Police tape is up at University Green Apartments in Ypsilanti where the body of Eastern Michigan University football player Demarius Reed was found Friday morning. (Mark Bialek / Special to The Detroit News)
Ypsilanti — A promising Eastern Michigan University football player survived growing up on Chicago’s tough south side, only to have his life cut short Friday morning in an off-campus shooting.
Police said Friday robbery is suspected as a possible motive in the shooting death of Demarius Reed, 20.
Ypsilanti Police were called to the University Green Apartments in the 700 block of West Clark Road near LeForge at 7:15 a.m., where they found Reed’s body. It had multiple gunshot wounds, police said in a statement.
Personal items were missing from the apartment, officials said.
The Washtenaw County Medical Examiner’s Office has completed an autopsy, but the results were not available Friday afternoon, police said. There are no suspects in custody.
Reed’s death is being investigated as a homicide. The university did not provide further details, other than Ypsilanti authorities are working with campus police in the investigation.
“We are all deeply saddened by the tragic news this morning involving Eastern Michigan University student Demarius Reed. Our thoughts and prayers are with his family and friends, and his teammates on the football team,” EMU president Dr. Susan Martin said in a press release.
Reed, a junior, was a wide receiver for the Eagles, who are scheduled to play Ohio University on Saturday. The home game at Rynearson Stadium will be played, officials said.
Dedication to football
Reed, the son of Carl and Tanesha, was a graduate of Simeon High School in Chicago. He was majoring in communications.
He was a key receiver and leader on EMU’s football team. He had 15 receptions for 185 yards and scored a touchdown this season. He was never better than in the opening drive of the Eagles’ most recent home game against Ball State Sept. 21, hauling in two passes that led to a touchdown, the second for a 17-yard reception on fourth down.
Like many young football players, Reed’s dreams were to one day play in the NFL, said his grandfather, Joe L. Reed.
“I told him ‘Man, you have to stay in that gym,’ ” Reed said. “He would say, ‘I’m good enough.’ He loved the game.”
The elder Reed said he found irony in the tragedy of his grandson’s slaying: Demarius was able to survive the dangerous streets and gangs of Chicago only to become a victim in the perceived safety of a university community.
“He was an outgoing, beautiful kid. He wasn’t associated with no gang or anything,” he said. “I would say, ‘Hey, man. Don’t go outside.’ I wouldn’t let him associate with anybody over there.”
Over there, he said, is the area near Simeon on Chicago’s South Side. Simeon Career Academy is in the enclave of Chatham, on the city’s south side. While the neighborhood itself is middle class, it’s surrounded by impoverished areas.
Reed said he even had reservations about his grandson moving into an off-campus apartment. “He was on scholarship,” he said. “He could have stayed on campus.”
“It's such a tragedy, a huge loss for all of us,” EMU basketball coach Rob Murphy said. “Our prayers go out to the Reed family. One of my players, Darell Combs, was with him last night, playing video games. They grew up together in Chicago and were very tight.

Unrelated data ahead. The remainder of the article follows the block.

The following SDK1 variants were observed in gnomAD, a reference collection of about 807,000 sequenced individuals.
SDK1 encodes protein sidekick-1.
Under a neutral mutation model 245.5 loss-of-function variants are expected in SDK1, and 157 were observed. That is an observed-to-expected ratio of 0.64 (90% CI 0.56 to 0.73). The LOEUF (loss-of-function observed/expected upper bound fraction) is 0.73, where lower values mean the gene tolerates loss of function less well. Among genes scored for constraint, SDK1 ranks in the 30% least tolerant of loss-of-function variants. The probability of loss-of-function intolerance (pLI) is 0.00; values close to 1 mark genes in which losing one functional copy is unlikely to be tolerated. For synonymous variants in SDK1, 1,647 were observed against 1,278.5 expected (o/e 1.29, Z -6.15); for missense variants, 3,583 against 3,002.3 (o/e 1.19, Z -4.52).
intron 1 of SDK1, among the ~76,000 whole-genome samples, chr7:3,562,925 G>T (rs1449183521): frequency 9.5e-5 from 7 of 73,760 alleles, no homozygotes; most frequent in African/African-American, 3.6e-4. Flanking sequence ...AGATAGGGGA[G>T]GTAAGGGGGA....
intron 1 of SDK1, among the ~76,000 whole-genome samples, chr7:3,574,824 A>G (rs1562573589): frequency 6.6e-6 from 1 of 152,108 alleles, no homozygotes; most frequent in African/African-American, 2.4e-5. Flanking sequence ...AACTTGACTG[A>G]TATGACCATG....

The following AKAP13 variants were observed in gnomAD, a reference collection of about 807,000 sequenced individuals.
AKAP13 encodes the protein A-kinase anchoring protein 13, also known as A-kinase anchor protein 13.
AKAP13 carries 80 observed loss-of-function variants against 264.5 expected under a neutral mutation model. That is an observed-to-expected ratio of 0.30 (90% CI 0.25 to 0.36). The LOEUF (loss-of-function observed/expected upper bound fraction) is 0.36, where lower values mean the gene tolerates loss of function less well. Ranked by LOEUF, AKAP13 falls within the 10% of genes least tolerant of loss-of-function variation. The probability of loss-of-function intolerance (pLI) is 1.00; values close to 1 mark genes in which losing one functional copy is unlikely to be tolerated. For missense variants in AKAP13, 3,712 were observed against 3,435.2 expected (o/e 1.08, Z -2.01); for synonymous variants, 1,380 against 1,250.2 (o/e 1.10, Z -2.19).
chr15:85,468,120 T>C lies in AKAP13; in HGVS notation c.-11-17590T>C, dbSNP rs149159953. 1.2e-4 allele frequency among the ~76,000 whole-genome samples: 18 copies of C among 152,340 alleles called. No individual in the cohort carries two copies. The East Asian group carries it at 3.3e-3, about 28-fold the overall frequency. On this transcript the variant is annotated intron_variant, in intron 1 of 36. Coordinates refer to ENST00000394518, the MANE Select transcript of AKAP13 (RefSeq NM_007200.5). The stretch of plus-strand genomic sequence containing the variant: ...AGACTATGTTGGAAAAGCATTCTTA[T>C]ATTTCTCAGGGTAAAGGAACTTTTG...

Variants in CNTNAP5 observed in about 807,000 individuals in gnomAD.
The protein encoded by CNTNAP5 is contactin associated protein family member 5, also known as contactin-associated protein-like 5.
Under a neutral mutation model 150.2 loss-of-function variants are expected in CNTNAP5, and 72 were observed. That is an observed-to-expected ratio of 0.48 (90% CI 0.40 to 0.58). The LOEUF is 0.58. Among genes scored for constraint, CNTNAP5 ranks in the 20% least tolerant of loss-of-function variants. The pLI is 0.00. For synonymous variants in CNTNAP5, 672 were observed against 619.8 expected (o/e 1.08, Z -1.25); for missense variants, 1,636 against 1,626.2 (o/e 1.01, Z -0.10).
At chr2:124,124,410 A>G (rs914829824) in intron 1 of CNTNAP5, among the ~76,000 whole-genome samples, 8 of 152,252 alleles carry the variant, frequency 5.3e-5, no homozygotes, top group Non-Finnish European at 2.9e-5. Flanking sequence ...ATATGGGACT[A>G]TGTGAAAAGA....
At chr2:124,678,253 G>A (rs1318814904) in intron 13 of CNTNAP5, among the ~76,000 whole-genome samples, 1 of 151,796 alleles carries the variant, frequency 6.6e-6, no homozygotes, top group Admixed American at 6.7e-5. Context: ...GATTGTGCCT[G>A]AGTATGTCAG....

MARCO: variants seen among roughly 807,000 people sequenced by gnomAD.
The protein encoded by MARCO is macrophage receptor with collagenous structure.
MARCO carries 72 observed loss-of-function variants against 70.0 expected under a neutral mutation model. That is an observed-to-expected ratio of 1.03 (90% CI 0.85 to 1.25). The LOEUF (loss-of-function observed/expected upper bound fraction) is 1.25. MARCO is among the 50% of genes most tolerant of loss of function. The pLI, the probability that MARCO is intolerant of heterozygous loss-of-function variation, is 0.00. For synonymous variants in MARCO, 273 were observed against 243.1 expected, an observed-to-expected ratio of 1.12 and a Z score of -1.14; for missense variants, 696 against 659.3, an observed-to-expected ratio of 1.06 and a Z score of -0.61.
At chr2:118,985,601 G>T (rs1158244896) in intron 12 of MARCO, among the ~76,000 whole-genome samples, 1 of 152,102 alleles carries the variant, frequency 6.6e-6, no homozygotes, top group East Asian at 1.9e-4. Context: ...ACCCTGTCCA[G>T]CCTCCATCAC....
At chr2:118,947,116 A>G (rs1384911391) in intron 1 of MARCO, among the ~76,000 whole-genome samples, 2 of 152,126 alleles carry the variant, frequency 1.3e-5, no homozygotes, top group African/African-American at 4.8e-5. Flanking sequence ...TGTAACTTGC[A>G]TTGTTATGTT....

“All the programs are supporting each other right now. The kids all know each other and it's such a tough time.”
An 'unbelievable loss'
Reed gave words of motivation to Roland Rance of Saginaw to help him reach his dream of playing Division 1 football for the Eagles next season.
Rance transferred from Lincoln University in Missouri and played football with high school teammates of Reed at Chicago Simeon.
“A few days ago (last Friday) I spoke to him at the fashion show (at EMU) and he was giving me a couple words of motivation,” Rance said. “We were just speaking about life and everything, getting bigger in the weight room and stuff.
“He was a good kid. I can't believe it. I heard someone tried to rob him, like 7 in the morning, that’s what I know so far. It’s sad. I was just talking to a few people earlier about it.”
Darrell Butler, who runs hurdles on the EMU track team, was saddened by the news after reading his mail.
“I knew of him because all my friends know him,” Butler said. “I didn't know him personally, but I've seen him around because of athletics and stuff, I run track so we’re in the same boat. It’s real tragic, like it was crazy. I didn’t really think that would happen around here.”
Athletic director Heather Lyke said in a statement the EMU family has suffered an “unbelievable loss.”
“Demarius was an influential leader who thrived in the classroom and on the field,” she said. “Everyone gravitated to him and often described him as the ‘life of the locker room.’ Our hearts go out to Demarius’ family. We are doing all we can to help and support them along with the rest of our student-athletes.”
Dealing with grief
Grief counselors are available and have been meeting with football team members, students, faculty and staff.
Mike Hart, EMU’s running backs coach and former Michigan star, tweeted Friday about Reed’s death.
“You came from nothing and turned yourself into something, you were a boy that became a man, you are the reason why I coach. #RIPDREED”
University Green Apartments, the site of the shooting, issued a statement Friday afternoon.
“Our entire family over at Paragon Properties and University Green Apartments are deeply saddened to hear about this tragic incident earlier this morning,” the statement read. “We are not able to comment on any pending investigation and are cooperating fully with the police in their efforts. Our thoughts and prayers are with the victim’s family and friends during this very difficult time.”
Detroit News Staff Writers Candice Williams and George Hunter and The Associated Press contributed.